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To begin with, the application in question is always going to be on the same processor, and the compiler is always gcc, so I'm not concerned about bitfields not being portable.

gcc lays out bitfields such that the first listed field corresponds to least significant bit of a byte. So the following structure, with a=0, b=1, c=1, d=1, you get a byte of value e0.

struct Bits {
  unsigned int a:5;
  unsigned int b:1;
  unsigned int c:1;
  unsigned int d:1;
} __attribute__((__packed__));

(Actually, this is C++, so I'm talking about g++.)

Now let's say I'd like a to be a six bit integer.

Now, I can see why this won't work, but I coded the following structure:

struct Bits2 {
  unsigned int a:6;
  unsigned int b:1;
  unsigned int c:1;
  unsigned int d:1;
} __attribute__((__packed__));

Setting b, c, and d to 1, and a to 0 results in the following two bytes:

c0 01

This isn't what I wanted. I was hoping to see this:

e0 00

Is there any way to specify a structure that has three bits in the most significant bits of the first byte and six bits spanning the five least significant bits of the first byte and the most significant bit of the second?

Please be aware that I have no control over where these bits are supposed to be laid out: it's a layout of bits that are defined by someone else's interface.

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3 Answers 3

up vote 3 down vote accepted

(Note that all of this is gcc-specific commentary - I'm well aware that the layout of bitfields is implementation-defined).

Not on a little-endian machine: The problem is that on a little-endian machine, the most significant bit of the second byte isn't considered "adjacent" to the least significant bits of the first byte.

You can, however, combine the bitfields with the ntohs() function:

union u_Bits2{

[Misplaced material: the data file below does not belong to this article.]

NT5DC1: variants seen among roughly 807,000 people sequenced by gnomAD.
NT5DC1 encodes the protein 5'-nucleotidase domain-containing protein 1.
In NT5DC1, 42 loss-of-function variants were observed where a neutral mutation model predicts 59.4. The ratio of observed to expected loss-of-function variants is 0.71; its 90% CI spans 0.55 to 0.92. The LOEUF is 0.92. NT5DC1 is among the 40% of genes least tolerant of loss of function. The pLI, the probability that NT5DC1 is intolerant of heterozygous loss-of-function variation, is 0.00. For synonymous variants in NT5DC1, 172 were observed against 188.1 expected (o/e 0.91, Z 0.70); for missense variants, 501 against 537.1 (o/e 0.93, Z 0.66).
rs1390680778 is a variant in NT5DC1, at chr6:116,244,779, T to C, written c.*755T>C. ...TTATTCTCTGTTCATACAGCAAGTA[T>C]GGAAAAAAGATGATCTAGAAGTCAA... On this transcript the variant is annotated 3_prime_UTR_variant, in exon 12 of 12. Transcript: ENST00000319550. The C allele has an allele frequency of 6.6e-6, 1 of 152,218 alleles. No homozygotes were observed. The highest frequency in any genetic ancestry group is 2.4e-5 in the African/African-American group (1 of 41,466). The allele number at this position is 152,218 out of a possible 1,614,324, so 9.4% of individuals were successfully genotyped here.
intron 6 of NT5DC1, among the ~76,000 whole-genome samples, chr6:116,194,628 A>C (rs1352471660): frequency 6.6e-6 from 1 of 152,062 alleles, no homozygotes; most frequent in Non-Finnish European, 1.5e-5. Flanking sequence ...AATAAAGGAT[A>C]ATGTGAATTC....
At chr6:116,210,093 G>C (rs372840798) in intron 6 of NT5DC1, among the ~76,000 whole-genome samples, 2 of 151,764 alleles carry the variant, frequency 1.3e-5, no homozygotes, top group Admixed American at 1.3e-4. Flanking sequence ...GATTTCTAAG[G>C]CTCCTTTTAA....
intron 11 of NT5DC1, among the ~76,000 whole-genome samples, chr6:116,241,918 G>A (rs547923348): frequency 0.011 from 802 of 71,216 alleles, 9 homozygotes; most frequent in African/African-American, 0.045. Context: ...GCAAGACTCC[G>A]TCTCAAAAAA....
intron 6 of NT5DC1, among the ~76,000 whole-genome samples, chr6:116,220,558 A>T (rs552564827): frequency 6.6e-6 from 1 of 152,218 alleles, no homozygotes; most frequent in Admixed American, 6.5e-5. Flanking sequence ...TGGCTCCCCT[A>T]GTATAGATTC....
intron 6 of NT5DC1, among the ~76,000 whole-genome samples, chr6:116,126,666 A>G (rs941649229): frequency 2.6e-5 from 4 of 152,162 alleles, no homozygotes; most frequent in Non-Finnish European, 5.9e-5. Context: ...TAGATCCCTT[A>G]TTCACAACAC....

struct Bits2 {
      uint16_t _padding:7;
      uint16_t a:6;
      uint16_t b:1;
      uint16_t c:1;
      uint16_t d:1;
    } bits __attribute__((__packed__));
    uint16_t word;

union u_Bits2 flags;
flags.word = ntohs(flag_bytes_from_network);

However, I strongly recommend you avoid bitfields and instead use shifting and masks.

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I suppose you meant "Note on a little-endian", not "Not on a little-endian". I think I understand what you're saying, though. On a little-endian machine, the adjacency of bits is determined by how bits are packed into a machine word, and the compiler assumes that machine words are going to be byte-swapped. I'm going to take others' advice and do masking and shifting, but thanks for figuring out what's going on here. –  Jim Hunziker Apr 19 '10 at 2:52
Yes - gcc packs the bitfields within the word from lowest bit to highest bit - and on a little endian machine, the lowest 8 bits are stored in the first byte. –  caf Apr 19 '10 at 5:46

Usually you can't do strong assumptions on how the union will be packed, every compiler implementation may choose to pack it differently (to save space or align bitfields inside bytes).

I would suggest you to just work out with masking and bitwise operators..

from this link:

The main use of bitfields is either to allow tight packing of data or to be able to specify the fields within some externally produced data files. C gives no guarantee of the ordering of fields within machine words, so if you do use them for the latter reason, you program will not only be non-portable, it will be compiler-dependent too. The Standard says that fields are packed into ‘storage units’, which are typically machine words. The packing order, and whether or not a bitfield may cross a storage unit boundary, are implementation defined. To force alignment to a storage unit boundary, a zero width field is used before the one that you want to have aligned.

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C/C++ has no means of specifying the bit by bit memory layout of structs, so you will need to do manual bit shifting and masking on 8 or 16bit (unsigned) integers (uint8_t, uint16_t from <stdint.h> or <cstdint>).

Of the good dozen of programming languages I know, only very few allow you to specify bit-by-bit memory layout for bit fields: Ada, Erlang, VHDL (and Verilog).

(Community wiki if you want to add more languages to that list.)

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